If you need a database you can also opt for the embedded sqlite (can be used through a pack or ODBC), which saves all the problems of authentication but prohibits sharing. You can also look for the BerkeleyDB or RocksDB interfaces, etc.


I think Prolog and SQL make a very powerful combination, each with strengths the other doesn’t have.

As my skills at writing parsers with DCG have improved, I’ve found SWI Prolog a fantastic “data munging” language, able to read files in a given format and then feed the translation into an SQL database. Furthermore, Prolog’s “deductive database” skills let me fill in holes in the provided data.

For example, to teach myself this stuff, I’ve been working on a chess player where Prolog reads “pgn” formatted files, checks each move to see if the rules I translated into SWI Prolog from a hypothetical logical language developed at Stanford University agree its legal (initially, I had tons of bugs, but now I’ve worked through nearly all of Bobby Fisher’s games without my script barfing once) to build up a game tree in the database which will hopefully eventually create a quick and strong AI player.

I believe the same technique could be used for serious, commercial applications, and SWI Prolog could be a strong contender against Python/Ruby/Node… in the “cloud computing space” – but it can’t be hampered with a 1992 era SQL interface to achieve this.

ODBC simply isn’t supported by AWS, Digital Ocean etc for anyone wanting to hook their applications to their dedicated database servers.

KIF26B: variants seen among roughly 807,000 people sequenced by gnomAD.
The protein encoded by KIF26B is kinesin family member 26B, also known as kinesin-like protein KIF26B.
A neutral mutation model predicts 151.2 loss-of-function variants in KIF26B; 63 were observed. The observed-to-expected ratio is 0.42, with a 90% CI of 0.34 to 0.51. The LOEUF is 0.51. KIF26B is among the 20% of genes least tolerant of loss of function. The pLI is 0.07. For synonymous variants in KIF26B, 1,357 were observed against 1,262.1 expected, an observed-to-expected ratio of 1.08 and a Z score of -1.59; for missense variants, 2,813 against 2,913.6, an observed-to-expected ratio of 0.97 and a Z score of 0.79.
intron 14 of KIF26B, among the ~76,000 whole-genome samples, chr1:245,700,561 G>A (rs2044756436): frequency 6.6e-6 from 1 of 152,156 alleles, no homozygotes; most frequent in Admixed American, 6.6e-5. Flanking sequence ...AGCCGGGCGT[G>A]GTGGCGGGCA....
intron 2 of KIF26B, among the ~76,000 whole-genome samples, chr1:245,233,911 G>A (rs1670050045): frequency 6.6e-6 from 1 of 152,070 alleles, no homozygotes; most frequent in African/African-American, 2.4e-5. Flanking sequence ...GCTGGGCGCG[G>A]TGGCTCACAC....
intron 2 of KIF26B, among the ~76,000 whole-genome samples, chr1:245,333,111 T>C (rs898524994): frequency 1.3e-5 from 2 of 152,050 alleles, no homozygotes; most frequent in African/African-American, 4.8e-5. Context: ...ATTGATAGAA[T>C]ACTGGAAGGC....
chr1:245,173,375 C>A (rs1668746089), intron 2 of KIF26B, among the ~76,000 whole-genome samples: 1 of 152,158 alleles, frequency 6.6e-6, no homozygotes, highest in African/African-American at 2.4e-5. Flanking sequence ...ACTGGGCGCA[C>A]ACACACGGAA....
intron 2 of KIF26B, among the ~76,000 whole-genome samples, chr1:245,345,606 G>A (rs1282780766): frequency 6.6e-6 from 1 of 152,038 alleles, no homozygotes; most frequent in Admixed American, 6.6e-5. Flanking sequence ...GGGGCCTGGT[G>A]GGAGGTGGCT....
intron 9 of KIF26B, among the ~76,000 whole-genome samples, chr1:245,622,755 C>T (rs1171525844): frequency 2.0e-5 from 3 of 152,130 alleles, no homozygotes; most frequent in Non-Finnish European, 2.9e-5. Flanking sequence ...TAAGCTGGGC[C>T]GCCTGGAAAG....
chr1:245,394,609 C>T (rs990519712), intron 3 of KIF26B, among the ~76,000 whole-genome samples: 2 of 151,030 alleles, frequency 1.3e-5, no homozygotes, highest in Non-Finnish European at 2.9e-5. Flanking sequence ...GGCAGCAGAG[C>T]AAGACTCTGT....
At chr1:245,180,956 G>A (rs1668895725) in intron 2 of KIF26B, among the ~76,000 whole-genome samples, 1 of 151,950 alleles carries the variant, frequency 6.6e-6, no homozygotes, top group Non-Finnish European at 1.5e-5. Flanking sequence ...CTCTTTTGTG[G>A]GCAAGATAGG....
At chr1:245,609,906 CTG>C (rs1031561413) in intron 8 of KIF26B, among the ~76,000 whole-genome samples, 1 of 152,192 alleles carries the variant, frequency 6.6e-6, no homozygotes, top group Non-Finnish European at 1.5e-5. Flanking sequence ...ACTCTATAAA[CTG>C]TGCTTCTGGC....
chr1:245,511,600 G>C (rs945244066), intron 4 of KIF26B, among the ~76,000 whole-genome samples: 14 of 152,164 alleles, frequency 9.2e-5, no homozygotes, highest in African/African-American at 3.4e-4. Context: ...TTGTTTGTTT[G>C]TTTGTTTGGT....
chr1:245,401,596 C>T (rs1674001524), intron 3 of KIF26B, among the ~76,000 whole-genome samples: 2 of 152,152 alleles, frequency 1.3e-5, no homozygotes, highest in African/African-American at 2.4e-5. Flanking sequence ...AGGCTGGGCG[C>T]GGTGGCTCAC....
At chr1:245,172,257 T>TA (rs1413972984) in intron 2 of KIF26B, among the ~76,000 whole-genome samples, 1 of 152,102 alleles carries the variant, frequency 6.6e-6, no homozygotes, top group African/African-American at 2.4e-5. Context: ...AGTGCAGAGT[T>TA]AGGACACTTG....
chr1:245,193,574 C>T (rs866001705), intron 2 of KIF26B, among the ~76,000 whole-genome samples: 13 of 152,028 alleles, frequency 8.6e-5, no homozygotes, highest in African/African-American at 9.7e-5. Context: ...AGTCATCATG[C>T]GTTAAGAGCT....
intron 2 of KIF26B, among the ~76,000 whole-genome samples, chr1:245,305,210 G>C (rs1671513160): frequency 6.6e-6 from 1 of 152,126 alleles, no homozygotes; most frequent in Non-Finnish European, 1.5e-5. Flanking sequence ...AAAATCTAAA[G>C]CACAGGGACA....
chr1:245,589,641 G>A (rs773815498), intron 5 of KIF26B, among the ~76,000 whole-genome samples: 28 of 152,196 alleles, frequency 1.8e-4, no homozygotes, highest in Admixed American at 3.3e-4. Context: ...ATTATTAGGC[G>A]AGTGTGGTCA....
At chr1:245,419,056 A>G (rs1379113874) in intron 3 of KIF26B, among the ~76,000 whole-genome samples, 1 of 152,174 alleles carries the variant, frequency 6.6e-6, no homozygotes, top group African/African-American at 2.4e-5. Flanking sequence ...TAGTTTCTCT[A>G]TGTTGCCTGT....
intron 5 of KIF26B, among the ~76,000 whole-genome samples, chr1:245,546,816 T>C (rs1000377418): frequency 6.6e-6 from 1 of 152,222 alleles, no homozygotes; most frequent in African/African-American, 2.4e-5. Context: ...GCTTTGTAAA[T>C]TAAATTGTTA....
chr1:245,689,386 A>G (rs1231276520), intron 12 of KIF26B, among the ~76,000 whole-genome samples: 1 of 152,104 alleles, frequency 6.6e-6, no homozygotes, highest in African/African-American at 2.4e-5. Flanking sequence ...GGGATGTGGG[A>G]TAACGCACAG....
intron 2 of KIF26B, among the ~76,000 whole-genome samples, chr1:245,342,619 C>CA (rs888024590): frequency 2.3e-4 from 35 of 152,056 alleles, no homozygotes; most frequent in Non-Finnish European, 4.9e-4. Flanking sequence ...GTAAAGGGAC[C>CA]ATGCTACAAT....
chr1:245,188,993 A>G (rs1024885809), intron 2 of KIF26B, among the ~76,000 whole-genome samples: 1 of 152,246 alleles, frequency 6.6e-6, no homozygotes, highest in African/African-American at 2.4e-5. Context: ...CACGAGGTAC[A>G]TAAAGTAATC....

I’ve never personally attempted to talk to Postgresql via port 5432 – and my favorite phrase is “everything is easy when you don’t know what you’re talking about” – but I’m nevertheless planning to dabble with SWI Prolog’s socket library to see how difficult it would be bypass ODBC and take a DIY route.

Good points. I try to sell Prolog for some time as a data munging language. It doesn’t really work so far, but I recon that is more my shortcoming than a shortcoming of the language :frowning: There are people who got this and run a fine business on this idea :slight_smile:

Not that I even was a big fan of ODBC, but it did had the advantage that you had to write only one interface to access data bases. Is there anything that can replace this except for writing zillions of interfaces? Most databases have a C interface. It isn’t really rocket science to wrap that nicely. The result will probably be about what the ODBC interface is, only a little simpler as when dealing with ODBC you also have to take care of the fact that you sometimes need different approaches depending on the actual database.

Note that using an existing C driver is typically easier and more performant than implementing the wire protocol in Prolog. I know we have JDBC and most modern high level languages have some database abstraction. Interfacing through high level languages is not really a good choice for Prolog though (or any other high level language). If there is something at a lower level we could reuse it gets more interesting.

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Data munging